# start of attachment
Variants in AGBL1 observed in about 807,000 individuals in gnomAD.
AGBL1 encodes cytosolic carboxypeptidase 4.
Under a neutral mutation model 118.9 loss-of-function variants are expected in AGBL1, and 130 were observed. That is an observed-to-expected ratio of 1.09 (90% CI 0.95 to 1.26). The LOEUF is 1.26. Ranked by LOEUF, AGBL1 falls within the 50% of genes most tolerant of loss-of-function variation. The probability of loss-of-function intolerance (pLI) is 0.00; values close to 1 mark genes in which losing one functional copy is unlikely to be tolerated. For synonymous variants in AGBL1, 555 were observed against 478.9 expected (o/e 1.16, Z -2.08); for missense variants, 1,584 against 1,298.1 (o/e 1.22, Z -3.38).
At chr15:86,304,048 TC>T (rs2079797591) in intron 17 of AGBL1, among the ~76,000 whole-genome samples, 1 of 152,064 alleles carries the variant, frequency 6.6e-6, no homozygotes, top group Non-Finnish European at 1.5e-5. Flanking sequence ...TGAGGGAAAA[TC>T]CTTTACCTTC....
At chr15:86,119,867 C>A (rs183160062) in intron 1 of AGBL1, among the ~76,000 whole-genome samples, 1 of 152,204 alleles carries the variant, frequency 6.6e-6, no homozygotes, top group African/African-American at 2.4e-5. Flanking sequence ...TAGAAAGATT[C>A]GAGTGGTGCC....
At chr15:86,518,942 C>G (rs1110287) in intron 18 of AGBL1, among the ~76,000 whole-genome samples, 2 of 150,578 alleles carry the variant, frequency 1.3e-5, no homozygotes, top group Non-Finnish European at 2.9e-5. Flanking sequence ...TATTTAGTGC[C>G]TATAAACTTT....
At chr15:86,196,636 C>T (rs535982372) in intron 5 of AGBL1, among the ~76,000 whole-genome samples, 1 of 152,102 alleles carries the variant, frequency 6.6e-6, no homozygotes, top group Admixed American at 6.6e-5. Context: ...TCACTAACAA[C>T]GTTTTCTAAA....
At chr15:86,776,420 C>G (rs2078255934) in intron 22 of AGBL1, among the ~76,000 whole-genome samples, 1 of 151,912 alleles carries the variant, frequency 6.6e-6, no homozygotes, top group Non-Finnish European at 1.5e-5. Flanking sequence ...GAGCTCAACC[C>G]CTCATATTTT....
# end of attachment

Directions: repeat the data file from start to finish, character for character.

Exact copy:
Variants in AGBL1 observed in about 807,000 individuals in gnomAD.
AGBL1 encodes cytosolic carboxypeptidase 4.
Under a neutral mutation model 118.9 loss-of-function variants are expected in AGBL1, and 130 were observed. That is an observed-to-expected ratio of 1.09 (90% CI 0.95 to 1.26). The LOEUF is 1.26. Ranked by LOEUF, AGBL1 falls within the 50% of genes most tolerant of loss-of-function variation. The probability of loss-of-function intolerance (pLI) is 0.00; values close to 1 mark genes in which losing one functional copy is unlikely to be tolerated. For synonymous variants in AGBL1, 555 were observed against 478.9 expected (o/e 1.16, Z -2.08); for missense variants, 1,584 against 1,298.1 (o/e 1.22, Z -3.38).
At chr15:86,304,048 TC>T (rs2079797591) in intron 17 of AGBL1, among the ~76,000 whole-genome samples, 1 of 152,064 alleles carries the variant, frequency 6.6e-6, no homozygotes, top group Non-Finnish European at 1.5e-5. Flanking sequence ...TGAGGGAAAA[TC>T]CTTTACCTTC....
At chr15:86,119,867 C>A (rs183160062) in intron 1 of AGBL1, among the ~76,000 whole-genome samples, 1 of 152,204 alleles carries the variant, frequency 6.6e-6, no homozygotes, top group African/African-American at 2.4e-5. Flanking sequence ...TAGAAAGATT[C>A]GAGTGGTGCC....
At chr15:86,518,942 C>G (rs1110287) in intron 18 of AGBL1, among the ~76,000 whole-genome samples, 2 of 150,578 alleles carry the variant, frequency 1.3e-5, no homozygotes, top group Non-Finnish European at 2.9e-5. Flanking sequence ...TATTTAGTGC[C>G]TATAAACTTT....
At chr15:86,196,636 C>T (rs535982372) in intron 5 of AGBL1, among the ~76,000 whole-genome samples, 1 of 152,102 alleles carries the variant, frequency 6.6e-6, no homozygotes, top group Admixed American at 6.6e-5. Context: ...TCACTAACAA[C>T]GTTTTCTAAA....
At chr15:86,776,420 C>G (rs2078255934) in intron 22 of AGBL1, among the ~76,000 whole-genome samples, 1 of 151,912 alleles carries the variant, frequency 6.6e-6, no homozygotes, top group Non-Finnish European at 1.5e-5. Flanking sequence ...GAGCTCAACC[C>G]CTCATATTTT....